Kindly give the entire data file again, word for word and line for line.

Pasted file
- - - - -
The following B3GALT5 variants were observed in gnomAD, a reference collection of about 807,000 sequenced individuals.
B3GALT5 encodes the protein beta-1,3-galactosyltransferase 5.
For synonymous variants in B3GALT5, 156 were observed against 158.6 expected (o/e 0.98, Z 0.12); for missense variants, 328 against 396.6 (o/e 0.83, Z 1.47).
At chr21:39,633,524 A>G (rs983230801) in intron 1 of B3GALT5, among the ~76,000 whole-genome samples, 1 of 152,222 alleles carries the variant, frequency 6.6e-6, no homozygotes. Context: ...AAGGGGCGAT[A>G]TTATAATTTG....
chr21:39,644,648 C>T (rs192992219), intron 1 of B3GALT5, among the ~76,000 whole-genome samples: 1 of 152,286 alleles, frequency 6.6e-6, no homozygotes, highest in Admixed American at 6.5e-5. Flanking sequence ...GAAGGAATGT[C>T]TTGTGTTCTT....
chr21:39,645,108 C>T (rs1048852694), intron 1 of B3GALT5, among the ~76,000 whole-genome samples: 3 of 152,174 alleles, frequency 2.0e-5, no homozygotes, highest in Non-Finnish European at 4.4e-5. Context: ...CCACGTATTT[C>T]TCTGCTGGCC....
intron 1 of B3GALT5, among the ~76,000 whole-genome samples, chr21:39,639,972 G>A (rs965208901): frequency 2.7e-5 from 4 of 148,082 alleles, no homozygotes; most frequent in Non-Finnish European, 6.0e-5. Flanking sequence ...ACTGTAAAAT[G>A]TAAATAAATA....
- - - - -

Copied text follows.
The following B3GALT5 variants were observed in gnomAD, a reference collection of about 807,000 sequenced individuals.
B3GALT5 encodes the protein beta-1,3-galactosyltransferase 5.
For synonymous variants in B3GALT5, 156 were observed against 158.6 expected (o/e 0.98, Z 0.12); for missense variants, 328 against 396.6 (o/e 0.83, Z 1.47).
At chr21:39,633,524 A>G (rs983230801) in intron 1 of B3GALT5, among the ~76,000 whole-genome samples, 1 of 152,222 alleles carries the variant, frequency 6.6e-6, no homozygotes. Context: ...AAGGGGCGAT[A>G]TTATAATTTG....
chr21:39,644,648 C>T (rs192992219), intron 1 of B3GALT5, among the ~76,000 whole-genome samples: 1 of 152,286 alleles, frequency 6.6e-6, no homozygotes, highest in Admixed American at 6.5e-5. Flanking sequence ...GAAGGAATGT[C>T]TTGTGTTCTT....
chr21:39,645,108 C>T (rs1048852694), intron 1 of B3GALT5, among the ~76,000 whole-genome samples: 3 of 152,174 alleles, frequency 2.0e-5, no homozygotes, highest in Non-Finnish European at 4.4e-5. Context: ...CCACGTATTT[C>T]TCTGCTGGCC....
intron 1 of B3GALT5, among the ~76,000 whole-genome samples, chr21:39,639,972 G>A (rs965208901): frequency 2.7e-5 from 4 of 148,082 alleles, no homozygotes; most frequent in Non-Finnish European, 6.0e-5. Flanking sequence ...ACTGTAAAAT[G>A]TAAATAAATA....